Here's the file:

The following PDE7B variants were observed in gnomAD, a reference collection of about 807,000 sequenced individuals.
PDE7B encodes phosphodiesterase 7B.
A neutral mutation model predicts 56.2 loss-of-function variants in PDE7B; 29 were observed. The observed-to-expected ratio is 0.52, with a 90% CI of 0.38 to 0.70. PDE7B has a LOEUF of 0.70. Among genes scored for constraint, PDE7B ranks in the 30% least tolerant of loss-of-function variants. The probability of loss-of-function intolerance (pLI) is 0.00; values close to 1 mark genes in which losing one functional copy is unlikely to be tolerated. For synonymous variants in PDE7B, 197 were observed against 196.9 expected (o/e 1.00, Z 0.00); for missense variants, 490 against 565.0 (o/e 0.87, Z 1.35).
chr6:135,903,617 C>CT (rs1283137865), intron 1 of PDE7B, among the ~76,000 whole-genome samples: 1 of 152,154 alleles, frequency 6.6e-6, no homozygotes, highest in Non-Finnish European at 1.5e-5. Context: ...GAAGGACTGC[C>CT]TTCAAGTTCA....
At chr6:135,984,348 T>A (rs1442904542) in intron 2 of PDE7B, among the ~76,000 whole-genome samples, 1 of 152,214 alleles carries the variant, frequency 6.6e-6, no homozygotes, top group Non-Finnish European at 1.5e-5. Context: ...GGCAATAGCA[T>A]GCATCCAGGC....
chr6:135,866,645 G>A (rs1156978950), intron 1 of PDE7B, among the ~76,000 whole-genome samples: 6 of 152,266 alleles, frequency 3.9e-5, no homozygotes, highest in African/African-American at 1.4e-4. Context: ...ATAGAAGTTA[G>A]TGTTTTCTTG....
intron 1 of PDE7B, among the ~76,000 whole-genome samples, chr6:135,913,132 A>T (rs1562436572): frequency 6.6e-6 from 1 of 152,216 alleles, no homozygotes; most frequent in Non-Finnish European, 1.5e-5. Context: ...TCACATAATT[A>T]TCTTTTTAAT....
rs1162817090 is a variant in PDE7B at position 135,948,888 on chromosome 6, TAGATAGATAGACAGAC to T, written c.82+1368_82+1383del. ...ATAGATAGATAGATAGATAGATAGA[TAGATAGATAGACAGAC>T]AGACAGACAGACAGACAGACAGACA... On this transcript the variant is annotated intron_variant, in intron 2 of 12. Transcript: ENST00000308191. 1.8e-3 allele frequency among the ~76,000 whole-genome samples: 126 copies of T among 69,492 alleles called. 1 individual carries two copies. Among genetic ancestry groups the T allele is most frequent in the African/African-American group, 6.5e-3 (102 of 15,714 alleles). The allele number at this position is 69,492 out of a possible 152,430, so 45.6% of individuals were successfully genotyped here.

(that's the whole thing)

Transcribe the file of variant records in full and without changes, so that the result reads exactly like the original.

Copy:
The following PDE7B variants were observed in gnomAD, a reference collection of about 807,000 sequenced individuals.
PDE7B encodes phosphodiesterase 7B.
A neutral mutation model predicts 56.2 loss-of-function variants in PDE7B; 29 were observed. The observed-to-expected ratio is 0.52, with a 90% CI of 0.38 to 0.70. PDE7B has a LOEUF of 0.70. Among genes scored for constraint, PDE7B ranks in the 30% least tolerant of loss-of-function variants. The probability of loss-of-function intolerance (pLI) is 0.00; values close to 1 mark genes in which losing one functional copy is unlikely to be tolerated. For synonymous variants in PDE7B, 197 were observed against 196.9 expected (o/e 1.00, Z 0.00); for missense variants, 490 against 565.0 (o/e 0.87, Z 1.35).
chr6:135,903,617 C>CT (rs1283137865), intron 1 of PDE7B, among the ~76,000 whole-genome samples: 1 of 152,154 alleles, frequency 6.6e-6, no homozygotes, highest in Non-Finnish European at 1.5e-5. Context: ...GAAGGACTGC[C>CT]TTCAAGTTCA....
At chr6:135,984,348 T>A (rs1442904542) in intron 2 of PDE7B, among the ~76,000 whole-genome samples, 1 of 152,214 alleles carries the variant, frequency 6.6e-6, no homozygotes, top group Non-Finnish European at 1.5e-5. Context: ...GGCAATAGCA[T>A]GCATCCAGGC....
chr6:135,866,645 G>A (rs1156978950), intron 1 of PDE7B, among the ~76,000 whole-genome samples: 6 of 152,266 alleles, frequency 3.9e-5, no homozygotes, highest in African/African-American at 1.4e-4. Context: ...ATAGAAGTTA[G>A]TGTTTTCTTG....
intron 1 of PDE7B, among the ~76,000 whole-genome samples, chr6:135,913,132 A>T (rs1562436572): frequency 6.6e-6 from 1 of 152,216 alleles, no homozygotes; most frequent in Non-Finnish European, 1.5e-5. Context: ...TCACATAATT[A>T]TCTTTTTAAT....
rs1162817090 is a variant in PDE7B at position 135,948,888 on chromosome 6, TAGATAGATAGACAGAC to T, written c.82+1368_82+1383del. ...ATAGATAGATAGATAGATAGATAGA[TAGATAGATAGACAGAC>T]AGACAGACAGACAGACAGACAGACA... On this transcript the variant is annotated intron_variant, in intron 2 of 12. Transcript: ENST00000308191. 1.8e-3 allele frequency among the ~76,000 whole-genome samples: 126 copies of T among 69,492 alleles called. 1 individual carries two copies. Among genetic ancestry groups the T allele is most frequent in the African/African-American group, 6.5e-3 (102 of 15,714 alleles). The allele number at this position is 69,492 out of a possible 152,430, so 45.6% of individuals were successfully genotyped here.